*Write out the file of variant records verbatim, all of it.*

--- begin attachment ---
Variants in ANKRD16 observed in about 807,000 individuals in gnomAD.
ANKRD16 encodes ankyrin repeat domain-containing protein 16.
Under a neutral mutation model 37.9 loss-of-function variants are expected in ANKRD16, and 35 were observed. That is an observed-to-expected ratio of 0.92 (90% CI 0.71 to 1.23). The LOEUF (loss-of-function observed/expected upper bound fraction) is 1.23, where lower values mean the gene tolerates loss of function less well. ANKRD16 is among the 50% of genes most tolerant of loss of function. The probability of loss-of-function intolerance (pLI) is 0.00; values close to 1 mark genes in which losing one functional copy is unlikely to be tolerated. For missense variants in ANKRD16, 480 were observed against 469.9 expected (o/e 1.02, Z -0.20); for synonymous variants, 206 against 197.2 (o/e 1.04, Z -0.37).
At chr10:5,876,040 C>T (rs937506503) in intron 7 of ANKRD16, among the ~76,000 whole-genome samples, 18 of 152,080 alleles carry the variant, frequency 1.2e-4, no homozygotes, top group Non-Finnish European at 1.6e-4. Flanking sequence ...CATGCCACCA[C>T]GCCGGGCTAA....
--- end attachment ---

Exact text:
Variants in ANKRD16 observed in about 807,000 individuals in gnomAD.
ANKRD16 encodes ankyrin repeat domain-containing protein 16.
Under a neutral mutation model 37.9 loss-of-function variants are expected in ANKRD16, and 35 were observed. That is an observed-to-expected ratio of 0.92 (90% CI 0.71 to 1.23). The LOEUF (loss-of-function observed/expected upper bound fraction) is 1.23, where lower values mean the gene tolerates loss of function less well. ANKRD16 is among the 50% of genes most tolerant of loss of function. The probability of loss-of-function intolerance (pLI) is 0.00; values close to 1 mark genes in which losing one functional copy is unlikely to be tolerated. For missense variants in ANKRD16, 480 were observed against 469.9 expected (o/e 1.02, Z -0.20); for synonymous variants, 206 against 197.2 (o/e 1.04, Z -0.37).
At chr10:5,876,040 C>T (rs937506503) in intron 7 of ANKRD16, among the ~76,000 whole-genome samples, 18 of 152,080 alleles carry the variant, frequency 1.2e-4, no homozygotes, top group Non-Finnish European at 1.6e-4. Flanking sequence ...CATGCCACCA[C>T]GCCGGGCTAA....